Non-White = No Skin Cancer?If Im
darker-skinned, I dont
need to worry about skin cancer, right?
This is a misconception that is both very common and extremely dangerous.
Caucasians are still at the top of the list for melanoma (20.8% per 100,000 people) versus 4.3% of reported cases for Hispanics. Overall, of reported melanoma cases, 70% occur in Caucasian patients, compared with 29% in Hispanic patients of any race, and 2% in non-Hispanic patients of African ethnicity. But late-stage disease is far more common among Hispanics (26%) and non-Hispanic blacks (52%) than among non-Hispanic whites (16%). This means that while skin cancer occurs less among darker-skinned people:
- Skin cancer does occur in darker skins, and
- It tends to be diagnosed later when the disease is deadlier.
The delayed diagnosis in non-Caucasian patients may be due partly to a lack of melanoma prevention and awareness efforts: the misconception that skin cancer only affects light-skinned people may result in darker-skinned people being more lax about sunscreen use and sun avoidance.This lack of awareness may also result in darker-skinned people not recognizing signs of possible skin cancer (e.g. suspicious moles or pigmentations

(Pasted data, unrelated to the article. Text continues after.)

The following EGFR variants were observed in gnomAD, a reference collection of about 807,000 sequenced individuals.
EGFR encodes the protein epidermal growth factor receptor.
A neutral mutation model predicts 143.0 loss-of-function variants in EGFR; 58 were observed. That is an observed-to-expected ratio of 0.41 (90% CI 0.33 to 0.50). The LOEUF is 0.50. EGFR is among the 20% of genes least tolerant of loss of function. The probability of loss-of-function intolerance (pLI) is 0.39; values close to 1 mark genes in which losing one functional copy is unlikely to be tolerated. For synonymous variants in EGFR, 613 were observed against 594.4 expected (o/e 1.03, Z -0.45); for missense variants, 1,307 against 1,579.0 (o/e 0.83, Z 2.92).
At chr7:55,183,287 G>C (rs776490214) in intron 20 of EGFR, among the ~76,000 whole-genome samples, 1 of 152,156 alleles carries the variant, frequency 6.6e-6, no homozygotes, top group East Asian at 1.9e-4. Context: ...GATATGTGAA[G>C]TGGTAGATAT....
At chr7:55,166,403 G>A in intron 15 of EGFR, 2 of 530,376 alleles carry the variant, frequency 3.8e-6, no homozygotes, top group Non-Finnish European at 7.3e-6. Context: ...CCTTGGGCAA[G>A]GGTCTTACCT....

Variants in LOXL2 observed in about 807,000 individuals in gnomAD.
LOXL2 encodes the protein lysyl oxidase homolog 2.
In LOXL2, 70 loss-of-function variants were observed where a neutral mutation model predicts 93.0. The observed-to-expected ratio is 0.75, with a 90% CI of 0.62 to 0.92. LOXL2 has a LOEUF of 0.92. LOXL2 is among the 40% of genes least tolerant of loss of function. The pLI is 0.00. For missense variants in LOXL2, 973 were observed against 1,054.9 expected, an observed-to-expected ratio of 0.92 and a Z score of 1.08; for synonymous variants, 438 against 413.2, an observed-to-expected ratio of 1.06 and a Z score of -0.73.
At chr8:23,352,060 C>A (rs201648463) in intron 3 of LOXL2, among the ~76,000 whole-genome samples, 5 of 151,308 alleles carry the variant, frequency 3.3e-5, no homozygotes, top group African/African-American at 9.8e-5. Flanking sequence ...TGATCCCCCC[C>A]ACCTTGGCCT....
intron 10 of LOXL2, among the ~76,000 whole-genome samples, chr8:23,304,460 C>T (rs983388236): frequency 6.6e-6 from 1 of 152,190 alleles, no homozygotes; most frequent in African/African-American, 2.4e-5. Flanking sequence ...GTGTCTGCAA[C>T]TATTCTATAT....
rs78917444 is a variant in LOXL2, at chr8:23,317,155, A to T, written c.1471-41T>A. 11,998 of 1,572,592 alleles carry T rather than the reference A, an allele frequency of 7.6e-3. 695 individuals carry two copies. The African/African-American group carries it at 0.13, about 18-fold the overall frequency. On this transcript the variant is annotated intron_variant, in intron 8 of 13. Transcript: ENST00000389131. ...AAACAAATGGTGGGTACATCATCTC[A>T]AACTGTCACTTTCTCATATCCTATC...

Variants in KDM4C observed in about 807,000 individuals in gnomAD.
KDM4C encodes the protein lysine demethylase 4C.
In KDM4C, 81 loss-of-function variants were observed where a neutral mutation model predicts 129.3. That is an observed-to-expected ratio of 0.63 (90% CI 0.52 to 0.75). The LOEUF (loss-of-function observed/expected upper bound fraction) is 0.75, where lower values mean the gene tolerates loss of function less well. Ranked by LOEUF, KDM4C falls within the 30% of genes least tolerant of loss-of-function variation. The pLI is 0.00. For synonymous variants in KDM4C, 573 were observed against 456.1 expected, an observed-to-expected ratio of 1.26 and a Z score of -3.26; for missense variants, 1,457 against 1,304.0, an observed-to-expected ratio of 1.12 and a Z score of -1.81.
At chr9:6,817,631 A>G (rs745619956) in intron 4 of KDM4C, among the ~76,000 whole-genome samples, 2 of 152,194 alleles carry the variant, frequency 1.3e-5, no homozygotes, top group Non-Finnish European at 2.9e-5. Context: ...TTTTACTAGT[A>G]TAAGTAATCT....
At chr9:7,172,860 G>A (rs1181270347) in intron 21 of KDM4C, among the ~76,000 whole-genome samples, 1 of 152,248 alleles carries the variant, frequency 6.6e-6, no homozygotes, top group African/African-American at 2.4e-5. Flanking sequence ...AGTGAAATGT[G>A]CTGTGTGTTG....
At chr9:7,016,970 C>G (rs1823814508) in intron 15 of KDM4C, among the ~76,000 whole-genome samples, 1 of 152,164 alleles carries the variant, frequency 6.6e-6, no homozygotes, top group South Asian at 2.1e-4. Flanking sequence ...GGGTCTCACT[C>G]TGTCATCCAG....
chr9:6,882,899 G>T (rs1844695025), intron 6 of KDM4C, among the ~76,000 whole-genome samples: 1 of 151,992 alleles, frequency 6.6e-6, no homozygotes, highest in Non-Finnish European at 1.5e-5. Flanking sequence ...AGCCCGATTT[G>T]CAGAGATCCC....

dismissed as bruises, etc.).
As with most cancers, catching melanoma earlier increases the chances of survival through removal and better prevention. A late diagnosis may make treatment impossible.
So dark or light, regardless of your ethnicity, cover up, avoid the sun, and see a dermatologist immediately if you notice unusual moles, growths, or pigmentations.
Click here for more on sun and light protection.